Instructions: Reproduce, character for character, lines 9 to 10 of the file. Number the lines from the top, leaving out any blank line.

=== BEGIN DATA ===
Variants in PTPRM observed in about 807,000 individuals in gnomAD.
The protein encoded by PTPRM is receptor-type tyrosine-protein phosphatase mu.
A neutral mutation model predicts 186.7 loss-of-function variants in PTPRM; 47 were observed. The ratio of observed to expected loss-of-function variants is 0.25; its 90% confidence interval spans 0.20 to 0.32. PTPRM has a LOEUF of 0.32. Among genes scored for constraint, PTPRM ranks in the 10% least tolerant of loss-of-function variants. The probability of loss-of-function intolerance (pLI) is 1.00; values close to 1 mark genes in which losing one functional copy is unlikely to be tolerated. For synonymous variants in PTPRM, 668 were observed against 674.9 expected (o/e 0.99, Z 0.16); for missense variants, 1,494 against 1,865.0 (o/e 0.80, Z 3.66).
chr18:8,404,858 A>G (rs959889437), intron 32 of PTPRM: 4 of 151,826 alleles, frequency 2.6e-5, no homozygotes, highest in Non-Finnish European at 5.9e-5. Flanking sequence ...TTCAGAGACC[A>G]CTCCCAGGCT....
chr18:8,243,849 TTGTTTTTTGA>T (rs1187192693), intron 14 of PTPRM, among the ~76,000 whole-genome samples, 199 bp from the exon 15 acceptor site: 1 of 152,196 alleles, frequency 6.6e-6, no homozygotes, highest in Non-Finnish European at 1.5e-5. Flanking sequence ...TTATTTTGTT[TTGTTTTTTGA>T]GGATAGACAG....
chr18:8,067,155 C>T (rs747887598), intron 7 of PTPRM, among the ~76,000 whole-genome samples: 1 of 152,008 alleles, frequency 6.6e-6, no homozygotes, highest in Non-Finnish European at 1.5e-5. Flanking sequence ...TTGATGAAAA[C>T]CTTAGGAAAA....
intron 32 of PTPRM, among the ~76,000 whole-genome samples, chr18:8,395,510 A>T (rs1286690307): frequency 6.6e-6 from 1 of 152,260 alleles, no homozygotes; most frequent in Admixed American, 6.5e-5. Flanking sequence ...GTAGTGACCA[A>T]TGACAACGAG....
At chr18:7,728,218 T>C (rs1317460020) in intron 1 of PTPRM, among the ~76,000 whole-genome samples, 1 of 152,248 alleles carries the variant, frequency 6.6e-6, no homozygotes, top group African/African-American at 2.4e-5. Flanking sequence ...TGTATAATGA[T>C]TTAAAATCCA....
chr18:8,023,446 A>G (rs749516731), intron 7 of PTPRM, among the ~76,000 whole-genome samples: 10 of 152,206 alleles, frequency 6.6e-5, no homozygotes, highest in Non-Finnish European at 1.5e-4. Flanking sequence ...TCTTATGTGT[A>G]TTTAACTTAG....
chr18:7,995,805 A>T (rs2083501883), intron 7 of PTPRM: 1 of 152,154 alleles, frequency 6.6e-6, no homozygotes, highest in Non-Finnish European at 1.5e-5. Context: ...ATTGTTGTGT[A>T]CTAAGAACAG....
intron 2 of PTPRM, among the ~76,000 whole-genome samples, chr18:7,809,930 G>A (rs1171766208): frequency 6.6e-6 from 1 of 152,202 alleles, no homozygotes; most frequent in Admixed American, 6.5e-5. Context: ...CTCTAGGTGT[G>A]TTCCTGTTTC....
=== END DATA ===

chr18:8,023,446 A>G (rs749516731), intron 7 of PTPRM, among the ~76,000 whole-genome samples: 10 of 152,206 alleles, frequency 6.6e-5, no homozygotes, highest in Non-Finnish European at 1.5e-4. Flanking sequence ...TCTTATGTGT[A>G]TTTAACTTAG....
chr18:7,995,805 A>T (rs2083501883), intron 7 of PTPRM: 1 of 152,154 alleles, frequency 6.6e-6, no homozygotes, highest in Non-Finnish European at 1.5e-5. Context: ...ATTGTTGTGT[A>T]CTAAGAACAG....